In another book also entitled Animal Architecture, Hansell intimates that male bowerbirds have an aesthetic sense and obtain pleasure from the experience of building and decorating their bowers in anticipation of the mating experience. Ornamental beauty emerges that is purposeful in terms of sexual selection. Both males and females seem to have a taste for the beautiful, a sexually motivated sense of beauty. In these structures, however, there is a misleading distortion. These courting structures illustrate how trickery occurs in nature and how male bowerbirds manipulate the courting structures in order to optically deceive the females. The male bowerbird arranges colorless objects as visual perception marks in increasing size from the entrance, along an avenue that provides the female with a viewing mechanism and a narrow field of vision, thus creating a gradient that provides a geometrical optical illusion known as forced or altered perspective. This makes the female spectator perceive the objects as more uniform and provides a false perception of size and distance, a charade of illusion.

This effect can be seen as well in the human realm in the explorations of forced perspective during the Renaissance, such as Borromini’s gallery in Palazzo Spada, and Palladio’s Olympic Theater, where there is also an intent to mislead the eye of the spectator.

In the case of the bowerbird’s courting structure, the playground court is used as a stage for the theater of seduction in which the male rapidly flashes the shiny and colorful objects he has concealed outside the female’s field of vision and drops or tosses them across the court as part of the courting choreography. This visual illusion creates “a more regular gesso pattern as seen by the female within the avenue, altering the perceived sizes of the court and displayed objects, and creating further illusions which attract the female’s attention.” By altering the placement of the objects and the scene geometry, this illusion has been seen as a sign of the male bowerbirds cognitive ability and fitness that enhances the efficacy and conspicuousness of the signals emitted by the male, aimed at attracting and holding the female’s attention. The female bowerbirds are deceived by this interaction between signal components and sensory processing that creates a charade of misleading or attention-capturing illusions. The females are deceived by the signs emitted by the male who manipulates the event to his convenience, creating a subjective reality determined by perception markers expressive of the bowerbirds’ intent. The female’s field of vision from the inner chamber is limited, defining what they see and how they see it. The male bowerbird thus exploits this limited configuration of the female’s perspective. The importance of the objects used to create this forced perspective and their qualities is such that when researchers have meddled with the pebbles by reversing their size-distance gradient, the male bowerbirds immediately intervene to fix it.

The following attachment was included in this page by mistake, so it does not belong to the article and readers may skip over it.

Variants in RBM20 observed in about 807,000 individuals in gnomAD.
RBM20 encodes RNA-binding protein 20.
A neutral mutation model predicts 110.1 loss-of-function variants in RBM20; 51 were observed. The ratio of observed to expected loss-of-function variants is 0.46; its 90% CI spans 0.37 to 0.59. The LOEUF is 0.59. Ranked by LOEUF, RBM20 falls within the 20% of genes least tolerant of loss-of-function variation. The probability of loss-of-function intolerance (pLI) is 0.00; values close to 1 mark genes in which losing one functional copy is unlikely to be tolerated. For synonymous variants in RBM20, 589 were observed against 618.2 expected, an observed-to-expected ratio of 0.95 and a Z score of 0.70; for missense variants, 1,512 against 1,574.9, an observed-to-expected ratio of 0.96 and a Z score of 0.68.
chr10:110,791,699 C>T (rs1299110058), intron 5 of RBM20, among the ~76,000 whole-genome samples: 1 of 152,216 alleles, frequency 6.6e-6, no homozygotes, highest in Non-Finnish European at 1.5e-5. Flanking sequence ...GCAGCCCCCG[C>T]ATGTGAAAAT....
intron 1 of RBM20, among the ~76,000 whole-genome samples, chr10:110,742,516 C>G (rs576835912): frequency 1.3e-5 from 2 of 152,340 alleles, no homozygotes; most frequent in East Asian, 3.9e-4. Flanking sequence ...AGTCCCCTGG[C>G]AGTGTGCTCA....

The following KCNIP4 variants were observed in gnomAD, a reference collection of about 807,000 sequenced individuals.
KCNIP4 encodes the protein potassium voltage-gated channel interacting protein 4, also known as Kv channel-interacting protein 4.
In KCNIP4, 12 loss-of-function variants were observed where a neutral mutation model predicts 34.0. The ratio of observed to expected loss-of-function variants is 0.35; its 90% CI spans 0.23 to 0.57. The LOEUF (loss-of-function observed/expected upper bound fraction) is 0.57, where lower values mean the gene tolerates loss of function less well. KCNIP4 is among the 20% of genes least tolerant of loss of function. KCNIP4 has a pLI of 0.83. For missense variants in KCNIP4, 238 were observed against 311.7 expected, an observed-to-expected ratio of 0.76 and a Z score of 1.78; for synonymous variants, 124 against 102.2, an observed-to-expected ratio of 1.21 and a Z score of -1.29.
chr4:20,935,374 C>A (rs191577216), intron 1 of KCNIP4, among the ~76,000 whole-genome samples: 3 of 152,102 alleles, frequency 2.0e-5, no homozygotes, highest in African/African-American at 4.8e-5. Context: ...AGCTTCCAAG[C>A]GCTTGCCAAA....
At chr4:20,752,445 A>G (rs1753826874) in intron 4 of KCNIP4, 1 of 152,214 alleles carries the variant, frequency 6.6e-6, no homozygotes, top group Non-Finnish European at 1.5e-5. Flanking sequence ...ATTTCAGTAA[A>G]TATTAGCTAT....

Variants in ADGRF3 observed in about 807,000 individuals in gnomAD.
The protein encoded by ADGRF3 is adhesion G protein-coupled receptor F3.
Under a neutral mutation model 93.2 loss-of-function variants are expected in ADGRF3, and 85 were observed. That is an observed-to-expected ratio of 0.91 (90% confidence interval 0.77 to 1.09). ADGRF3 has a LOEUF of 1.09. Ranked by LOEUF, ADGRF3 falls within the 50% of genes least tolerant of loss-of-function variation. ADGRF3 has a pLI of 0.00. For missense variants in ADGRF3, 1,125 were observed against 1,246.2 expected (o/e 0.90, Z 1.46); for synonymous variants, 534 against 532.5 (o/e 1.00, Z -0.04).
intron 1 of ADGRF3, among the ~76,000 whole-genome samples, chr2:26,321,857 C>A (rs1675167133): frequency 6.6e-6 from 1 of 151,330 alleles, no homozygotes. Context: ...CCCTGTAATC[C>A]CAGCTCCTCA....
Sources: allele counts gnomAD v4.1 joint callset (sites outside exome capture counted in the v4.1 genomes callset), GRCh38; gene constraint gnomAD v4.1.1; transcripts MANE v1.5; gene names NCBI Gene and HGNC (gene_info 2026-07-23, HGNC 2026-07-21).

Female bowerbirds visit the different bowers before deciding which male bowerbird to mate with, a decision that is based on the bower’s signals, qualities and adornment, as well as the male bowerbird’s courtship behavior and performance (dance and song). Within the bower play-space, the bowerbird activates all the objects as elements for the courting dance, as well as the adornments of the bower. The role of the objects the male flashes to the female is of extreme importance, since the greater the number, diversity and colorfulness of the objects displayed, the higher the likelihood of mating success.

Another deceitful distortion male bowerbirds resort to is painting the avenue’s walls a reddish hue, which triggers chromatic adaptation and changes the female’s color perception, thus enhancing the color of the displayed objects and increasing the contrast with the visual background. According to Endler et al., apart from affecting the perception of color, chromatic adaptation can also affect the female’s “ability to discriminate among colors, and interact strongly with eye movements, which may affect mate assessment and attractiveness.”